I have experienced Langer’s theories working in my own life in both mundane and profound ways. The weekend before my first appearance in my first play as a first year acting student at the American Conservatory Theater (I was playing Madge in Picnic directed by Danny Davis), I was so anxious I couldn’t sleep. My heart was skipping beats and I felt as if I was jumping out of my skin. My panic was so great I didn’t know if I could even step on stage. Someone recommended taking hot baths. A friend gave me a Valium to calm me down. But the solution that worked was given to me by another actor. “Nancy,” he said, “change your language. Let go of the words ‘I don’t know IF I can do this.’ Think instead ‘HOW do I BEST do this.’” That advice has been with me ever since.
Five years ago, my husband was admitted to the hospital for an emergency quadruple coronary bypass. That first night when I saw him attached by tubes to a heart-lung machine in the ICU, a million fearful thoughts overwhelmed me. I was paralyzed. I knew I had to manage my mind-set. I would have been debilitated for what was to come when I needed to be fully present.
I happened, coincidentally, to be reading a book called The Biology of Belief: Unleashing the Power of Consciousness, Matter & Miracles by Dr. Bruce H. Lipton.*** Lipton researches how cells receive and process information. His results imply that cells may be controlled not only by DNA but also by the energetic messages emanating from our positive and negative thoughts. He believes, as does Langer, that our bodies can be changed as we retrain our thinking. As I sat by Al in the ICU for hours and hours, I focused my mind on seeing his cells healing. And Al was doing the same from inside his fog of physical trauma and pain medication. He told me later that he was thinking, “I could just let go right now. It would be easy. But I’m not going to. I don’t want to make Nancy a widow.”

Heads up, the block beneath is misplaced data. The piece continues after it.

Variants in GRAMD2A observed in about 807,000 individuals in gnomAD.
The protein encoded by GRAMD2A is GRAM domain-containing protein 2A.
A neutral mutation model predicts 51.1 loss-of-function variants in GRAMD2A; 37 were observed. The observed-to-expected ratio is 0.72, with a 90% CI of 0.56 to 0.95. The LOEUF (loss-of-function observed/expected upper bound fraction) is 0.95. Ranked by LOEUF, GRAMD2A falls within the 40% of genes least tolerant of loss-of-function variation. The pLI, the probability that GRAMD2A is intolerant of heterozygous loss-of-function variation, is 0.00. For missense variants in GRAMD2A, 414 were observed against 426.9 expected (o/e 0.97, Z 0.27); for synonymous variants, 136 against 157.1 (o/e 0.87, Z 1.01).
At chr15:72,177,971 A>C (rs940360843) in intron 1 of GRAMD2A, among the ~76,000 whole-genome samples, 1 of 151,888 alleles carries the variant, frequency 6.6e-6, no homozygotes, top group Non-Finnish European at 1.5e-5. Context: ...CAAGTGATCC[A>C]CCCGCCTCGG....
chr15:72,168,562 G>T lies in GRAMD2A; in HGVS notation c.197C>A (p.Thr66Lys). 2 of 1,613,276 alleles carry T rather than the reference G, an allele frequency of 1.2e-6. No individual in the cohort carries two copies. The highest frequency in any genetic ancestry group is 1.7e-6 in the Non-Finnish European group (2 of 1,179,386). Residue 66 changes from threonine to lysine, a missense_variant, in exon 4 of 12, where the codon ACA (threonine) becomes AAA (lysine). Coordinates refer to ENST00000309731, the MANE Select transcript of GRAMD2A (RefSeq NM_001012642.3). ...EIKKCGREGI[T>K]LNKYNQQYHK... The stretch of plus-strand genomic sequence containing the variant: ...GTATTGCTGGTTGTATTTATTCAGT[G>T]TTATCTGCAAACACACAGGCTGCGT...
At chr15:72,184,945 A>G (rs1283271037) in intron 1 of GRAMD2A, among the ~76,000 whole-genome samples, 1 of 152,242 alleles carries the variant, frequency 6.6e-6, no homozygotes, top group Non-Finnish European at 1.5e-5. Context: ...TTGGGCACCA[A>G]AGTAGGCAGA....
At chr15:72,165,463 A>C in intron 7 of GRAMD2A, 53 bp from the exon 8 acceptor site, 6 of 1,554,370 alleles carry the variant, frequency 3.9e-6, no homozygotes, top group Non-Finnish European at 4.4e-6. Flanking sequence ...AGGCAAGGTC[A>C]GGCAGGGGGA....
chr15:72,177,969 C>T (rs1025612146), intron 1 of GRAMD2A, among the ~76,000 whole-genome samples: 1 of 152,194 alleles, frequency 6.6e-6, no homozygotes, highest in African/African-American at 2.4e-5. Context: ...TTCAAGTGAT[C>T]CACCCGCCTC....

I’ve discovered that ANY positive thought can supplant a cycle of negative thinking. Try it right now. Think of a wonderful moment in your life. See and smell and taste and feel and touch the details in your mind. Does your face open in a smile? Does your heart rate slow down? Can you feel a big breath fill your body? If you notice a swarm of automatic negative thoughts (ANTS) beginning to overtake your mind, stop. Replace them with this wonderful moment. Your metabolism will change; your energy will shift.
The days, week, and months that followed Al’s surgery were not without challenge. But underlying every moment was a solid belief that he would fully recover. Which he did. Each day, the sentence wasn’t, “I don’t know if I can do this.” It was “HOW do we BEST do this.”